The tipping point in climate change is very near at hand. The choices that you and I make now will affect generations to come. Please consider your actions carefully. Where and how you spend your dollars has tremendous influence, do it wisely. How you vote in local and national elections can insure there is a future for our children, grandchildren and all the other species that inhabit the Earth.

Peace, Dohn

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About earthstonestation

promoting environmental education, protecting all species and preserving the wild places with art, music and storytelling.
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17 Responses to earthstonestation enviro-news

  1. McEff says:

    Fracking is about to take off in Britain in a big way. Apparently, fracturing the earth’s crust, filling it with pollutants and upping CO2 levels will be good for the economy and we will all benefit. Like the man said: “They just come in and do whatever is necessary for them to make profits.”
    Keep it up, Dohn.

    • mabbsonsea says:

      If only we had stronger and more localised government here in UK, local people might be able to see off the energy corporations and the central government that is in their pockets & idealogically obsessed with growth anyway. I hope Mora county is able to stand firm and maybe give a lead on this. I wonder if we will only change our consumption of energy & manufactured stuff when peak oil out-prices us, but it might be less painful to start changing our habits now.

      • pendantry says:

        Peak oil has already started to bite where it matters: the monstrosity that is the Athabasca tar sands and the lunacy that is fracking are the signs of a civilisation biting off its nose to spite its face. I fear that once we start down the fracking road, there’s no turning back.

  2. misscorinne says:

    Great news about your county banning fracking. I live upstate NY (near Canada) and there is HUGE debate going on just south of us, in the Ithaca area, about fracking – People and protests on both sides of the issue constantly clashing. Luckily, we have a governor who doesn’t bow to special interest groups, no matter how unpopular that might be in the game of politics. Currently, nothing is moving forward until all the facts are in, which is making the pro-frackers very nervous, obviously…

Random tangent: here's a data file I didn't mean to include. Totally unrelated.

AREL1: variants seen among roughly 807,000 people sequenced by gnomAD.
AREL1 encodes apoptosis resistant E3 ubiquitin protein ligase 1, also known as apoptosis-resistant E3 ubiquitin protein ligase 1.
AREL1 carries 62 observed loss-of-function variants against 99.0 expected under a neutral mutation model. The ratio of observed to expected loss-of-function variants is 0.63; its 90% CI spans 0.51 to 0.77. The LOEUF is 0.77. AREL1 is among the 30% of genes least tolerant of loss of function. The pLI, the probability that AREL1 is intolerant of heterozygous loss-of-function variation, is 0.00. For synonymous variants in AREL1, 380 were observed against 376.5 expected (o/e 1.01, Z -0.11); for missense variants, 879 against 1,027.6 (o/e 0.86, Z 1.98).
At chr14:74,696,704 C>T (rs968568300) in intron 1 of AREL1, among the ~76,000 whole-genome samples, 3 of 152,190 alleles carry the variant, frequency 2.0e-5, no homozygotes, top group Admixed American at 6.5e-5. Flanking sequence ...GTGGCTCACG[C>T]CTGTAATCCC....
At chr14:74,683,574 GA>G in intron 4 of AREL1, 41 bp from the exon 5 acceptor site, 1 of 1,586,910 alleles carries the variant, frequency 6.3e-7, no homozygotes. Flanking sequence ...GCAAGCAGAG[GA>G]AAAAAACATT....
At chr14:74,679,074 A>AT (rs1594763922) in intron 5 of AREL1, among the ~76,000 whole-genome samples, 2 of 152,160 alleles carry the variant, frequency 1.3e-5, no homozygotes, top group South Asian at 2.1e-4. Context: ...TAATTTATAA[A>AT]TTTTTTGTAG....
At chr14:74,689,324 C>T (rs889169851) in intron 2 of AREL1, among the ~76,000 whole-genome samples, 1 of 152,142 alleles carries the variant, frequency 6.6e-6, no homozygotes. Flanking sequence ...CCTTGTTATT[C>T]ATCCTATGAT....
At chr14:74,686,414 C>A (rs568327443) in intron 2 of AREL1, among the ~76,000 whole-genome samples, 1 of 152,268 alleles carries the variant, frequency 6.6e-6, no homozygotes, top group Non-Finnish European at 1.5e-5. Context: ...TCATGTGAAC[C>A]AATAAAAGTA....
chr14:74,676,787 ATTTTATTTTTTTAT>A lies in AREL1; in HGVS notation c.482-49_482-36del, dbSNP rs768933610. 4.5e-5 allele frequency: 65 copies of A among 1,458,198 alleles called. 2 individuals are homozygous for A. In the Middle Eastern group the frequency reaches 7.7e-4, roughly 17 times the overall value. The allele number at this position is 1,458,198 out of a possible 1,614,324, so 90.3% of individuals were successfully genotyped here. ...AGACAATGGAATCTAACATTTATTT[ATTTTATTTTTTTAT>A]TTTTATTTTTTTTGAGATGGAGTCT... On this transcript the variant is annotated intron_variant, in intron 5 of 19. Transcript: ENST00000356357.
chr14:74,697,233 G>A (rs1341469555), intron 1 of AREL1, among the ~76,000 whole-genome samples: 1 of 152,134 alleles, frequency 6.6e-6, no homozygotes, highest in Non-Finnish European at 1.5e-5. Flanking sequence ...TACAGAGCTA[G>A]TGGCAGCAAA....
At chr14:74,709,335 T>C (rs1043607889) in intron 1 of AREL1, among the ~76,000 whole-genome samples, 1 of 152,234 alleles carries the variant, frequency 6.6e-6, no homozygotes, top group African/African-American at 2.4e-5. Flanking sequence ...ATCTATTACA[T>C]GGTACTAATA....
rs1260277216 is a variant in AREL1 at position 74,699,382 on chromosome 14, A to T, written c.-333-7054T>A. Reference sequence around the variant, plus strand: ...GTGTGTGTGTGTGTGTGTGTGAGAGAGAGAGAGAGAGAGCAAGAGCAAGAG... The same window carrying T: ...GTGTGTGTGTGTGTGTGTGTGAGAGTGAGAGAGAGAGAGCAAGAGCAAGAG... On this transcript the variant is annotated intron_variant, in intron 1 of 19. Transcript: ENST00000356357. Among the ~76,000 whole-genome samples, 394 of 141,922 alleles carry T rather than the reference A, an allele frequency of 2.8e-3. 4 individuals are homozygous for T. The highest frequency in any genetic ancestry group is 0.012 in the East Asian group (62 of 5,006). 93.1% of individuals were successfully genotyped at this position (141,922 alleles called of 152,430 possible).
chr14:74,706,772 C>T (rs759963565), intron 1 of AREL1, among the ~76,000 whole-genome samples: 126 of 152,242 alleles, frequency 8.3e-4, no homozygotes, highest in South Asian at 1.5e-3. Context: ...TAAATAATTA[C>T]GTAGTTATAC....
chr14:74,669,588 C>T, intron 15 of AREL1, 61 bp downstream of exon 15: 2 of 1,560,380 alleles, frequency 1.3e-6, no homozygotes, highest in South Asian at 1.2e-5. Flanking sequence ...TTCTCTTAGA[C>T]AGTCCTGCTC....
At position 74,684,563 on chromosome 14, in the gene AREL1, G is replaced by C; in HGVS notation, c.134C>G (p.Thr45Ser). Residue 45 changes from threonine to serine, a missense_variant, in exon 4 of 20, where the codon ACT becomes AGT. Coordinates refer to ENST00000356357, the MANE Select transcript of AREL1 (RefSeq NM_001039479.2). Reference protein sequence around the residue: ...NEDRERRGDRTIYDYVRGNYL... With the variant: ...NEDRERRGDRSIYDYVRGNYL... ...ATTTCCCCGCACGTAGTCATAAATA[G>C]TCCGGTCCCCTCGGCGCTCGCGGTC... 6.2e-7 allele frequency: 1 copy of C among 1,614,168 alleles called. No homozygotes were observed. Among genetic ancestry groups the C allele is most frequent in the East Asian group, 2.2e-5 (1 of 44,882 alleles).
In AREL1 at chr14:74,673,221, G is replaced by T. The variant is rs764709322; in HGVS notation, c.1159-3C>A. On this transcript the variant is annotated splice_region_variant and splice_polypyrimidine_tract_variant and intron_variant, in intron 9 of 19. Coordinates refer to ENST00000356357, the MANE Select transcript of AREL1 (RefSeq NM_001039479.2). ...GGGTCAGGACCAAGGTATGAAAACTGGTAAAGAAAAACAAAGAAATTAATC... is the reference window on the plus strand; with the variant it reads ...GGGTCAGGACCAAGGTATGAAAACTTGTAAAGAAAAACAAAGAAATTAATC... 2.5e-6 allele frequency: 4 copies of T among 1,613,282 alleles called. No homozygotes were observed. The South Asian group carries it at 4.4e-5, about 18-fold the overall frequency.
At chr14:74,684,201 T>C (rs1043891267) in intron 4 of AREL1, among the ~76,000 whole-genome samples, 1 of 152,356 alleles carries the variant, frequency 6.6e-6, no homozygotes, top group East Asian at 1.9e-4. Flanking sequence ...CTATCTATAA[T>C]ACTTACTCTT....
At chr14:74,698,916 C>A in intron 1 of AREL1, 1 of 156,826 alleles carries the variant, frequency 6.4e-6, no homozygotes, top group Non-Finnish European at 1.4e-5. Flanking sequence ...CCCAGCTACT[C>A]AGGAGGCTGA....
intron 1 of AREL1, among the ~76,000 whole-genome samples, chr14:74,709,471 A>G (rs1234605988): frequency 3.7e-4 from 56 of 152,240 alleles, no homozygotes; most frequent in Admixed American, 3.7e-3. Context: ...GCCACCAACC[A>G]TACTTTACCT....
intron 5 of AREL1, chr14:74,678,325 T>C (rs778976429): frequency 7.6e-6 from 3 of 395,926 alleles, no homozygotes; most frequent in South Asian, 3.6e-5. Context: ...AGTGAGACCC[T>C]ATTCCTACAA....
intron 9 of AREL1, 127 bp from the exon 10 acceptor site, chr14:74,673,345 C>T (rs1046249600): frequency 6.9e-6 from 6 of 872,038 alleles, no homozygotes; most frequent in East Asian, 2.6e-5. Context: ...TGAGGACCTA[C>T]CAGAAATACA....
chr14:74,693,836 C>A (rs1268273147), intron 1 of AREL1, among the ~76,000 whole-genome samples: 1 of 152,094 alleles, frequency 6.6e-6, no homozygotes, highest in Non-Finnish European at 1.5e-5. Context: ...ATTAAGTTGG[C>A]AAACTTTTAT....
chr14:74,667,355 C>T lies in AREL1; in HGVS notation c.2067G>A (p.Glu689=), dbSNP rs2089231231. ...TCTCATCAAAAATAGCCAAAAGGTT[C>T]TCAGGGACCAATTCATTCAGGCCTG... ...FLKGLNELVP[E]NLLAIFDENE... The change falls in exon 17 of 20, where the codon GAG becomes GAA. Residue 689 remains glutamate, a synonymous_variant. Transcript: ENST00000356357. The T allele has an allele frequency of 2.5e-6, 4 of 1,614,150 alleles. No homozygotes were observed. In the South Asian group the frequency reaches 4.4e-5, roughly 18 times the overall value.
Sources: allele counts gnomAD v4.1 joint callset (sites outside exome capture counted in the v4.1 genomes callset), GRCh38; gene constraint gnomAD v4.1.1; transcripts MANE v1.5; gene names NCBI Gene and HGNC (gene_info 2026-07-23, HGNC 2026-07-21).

3. There is no planet B. Thanks for commenting, appreciated.

  4. TamrahJo says:

    #1 Sobering and wonder what kind of tales will be made up to discredit these numbers?
    #2 Congratulations! I’m so happy for you – I fear I may have to leave where I live in the coming years, as many community members have chosen to sign ‘exploratory rental contracts’ with fracking companies – – sigh….

    • There are definitely some real hazards that accompany hydrolic fracturing companies moving in. One precaution is to have your water base line tested before operations begin. This way at least there is a positive record of what your water quality was before…
      Good luck.

  5. Thank you for sharing this.

  6. This information from Hawii is really quite frightening, and the sad thing is, that everyone will just carry on as normal.
    Wonderful that your homelands are now protected…will there be something like a gold rush with peole moving in to live in a clean environment I wonder!

    • The county is very rural and any metropolitan areas are distant. Mostly ranching, forestry and some agriculture. The area is pristine and as yet we do not have 1 stop light in the entire county. I’m OK with that.

  7. Cathy says:

    A great post again – thanks Dohn.

  8. I don’t understand why people don’t care or even realize what is happening to the ONLY home they have. Earth is it and if we don’t take care of her, we will be evicted for good. Thank you for the information.